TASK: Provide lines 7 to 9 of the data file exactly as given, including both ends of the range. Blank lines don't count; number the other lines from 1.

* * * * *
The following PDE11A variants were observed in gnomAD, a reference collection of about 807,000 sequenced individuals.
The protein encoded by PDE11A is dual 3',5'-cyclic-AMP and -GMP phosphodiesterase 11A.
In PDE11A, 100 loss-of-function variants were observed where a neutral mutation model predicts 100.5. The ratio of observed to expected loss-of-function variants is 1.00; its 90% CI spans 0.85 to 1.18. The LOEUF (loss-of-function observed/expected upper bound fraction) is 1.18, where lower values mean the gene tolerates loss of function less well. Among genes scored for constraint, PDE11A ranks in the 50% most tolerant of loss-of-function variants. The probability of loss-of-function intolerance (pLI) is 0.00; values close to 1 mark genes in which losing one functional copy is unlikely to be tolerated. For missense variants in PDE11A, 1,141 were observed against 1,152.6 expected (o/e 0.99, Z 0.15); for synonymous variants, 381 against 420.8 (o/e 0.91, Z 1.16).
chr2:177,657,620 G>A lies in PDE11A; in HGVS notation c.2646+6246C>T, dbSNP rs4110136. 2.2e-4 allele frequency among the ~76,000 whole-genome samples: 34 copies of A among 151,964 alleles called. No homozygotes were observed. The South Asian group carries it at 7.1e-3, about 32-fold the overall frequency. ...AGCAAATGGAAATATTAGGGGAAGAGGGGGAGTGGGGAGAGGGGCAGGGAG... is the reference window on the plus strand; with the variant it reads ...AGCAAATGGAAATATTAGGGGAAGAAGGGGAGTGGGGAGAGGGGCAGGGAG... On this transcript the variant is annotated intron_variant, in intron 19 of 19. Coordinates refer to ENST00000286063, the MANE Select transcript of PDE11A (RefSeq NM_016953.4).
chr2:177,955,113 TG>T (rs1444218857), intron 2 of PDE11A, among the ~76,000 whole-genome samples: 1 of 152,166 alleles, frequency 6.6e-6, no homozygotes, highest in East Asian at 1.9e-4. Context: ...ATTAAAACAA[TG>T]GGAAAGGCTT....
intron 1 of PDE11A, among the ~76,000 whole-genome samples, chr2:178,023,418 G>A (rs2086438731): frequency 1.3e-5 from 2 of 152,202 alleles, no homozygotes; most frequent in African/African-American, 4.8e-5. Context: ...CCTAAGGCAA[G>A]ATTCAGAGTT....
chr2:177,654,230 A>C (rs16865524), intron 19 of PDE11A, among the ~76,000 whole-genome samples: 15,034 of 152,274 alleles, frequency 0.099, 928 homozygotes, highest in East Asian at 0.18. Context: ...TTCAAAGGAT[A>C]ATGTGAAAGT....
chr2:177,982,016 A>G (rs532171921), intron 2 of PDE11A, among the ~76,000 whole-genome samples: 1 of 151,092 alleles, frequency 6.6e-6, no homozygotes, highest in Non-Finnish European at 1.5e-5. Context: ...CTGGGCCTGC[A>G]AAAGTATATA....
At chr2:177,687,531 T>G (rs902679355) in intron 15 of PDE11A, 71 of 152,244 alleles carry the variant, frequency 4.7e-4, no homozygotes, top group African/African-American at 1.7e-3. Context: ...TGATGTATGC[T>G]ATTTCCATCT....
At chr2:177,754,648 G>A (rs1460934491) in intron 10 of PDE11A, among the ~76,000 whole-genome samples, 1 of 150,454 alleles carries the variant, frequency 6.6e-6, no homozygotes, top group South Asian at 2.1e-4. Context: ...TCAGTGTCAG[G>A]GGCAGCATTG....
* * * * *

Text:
chr2:177,654,230 A>C (rs16865524), intron 19 of PDE11A, among the ~76,000 whole-genome samples: 15,034 of 152,274 alleles, frequency 0.099, 928 homozygotes, highest in East Asian at 0.18. Context: ...TTCAAAGGAT[A>C]ATGTGAAAGT....
chr2:177,982,016 A>G (rs532171921), intron 2 of PDE11A, among the ~76,000 whole-genome samples: 1 of 151,092 alleles, frequency 6.6e-6, no homozygotes, highest in Non-Finnish European at 1.5e-5. Context: ...CTGGGCCTGC[A>G]AAAGTATATA....
At chr2:177,687,531 T>G (rs902679355) in intron 15 of PDE11A, 71 of 152,244 alleles carry the variant, frequency 4.7e-4, no homozygotes, top group African/African-American at 1.7e-3. Context: ...TGATGTATGC[T>G]ATTTCCATCT....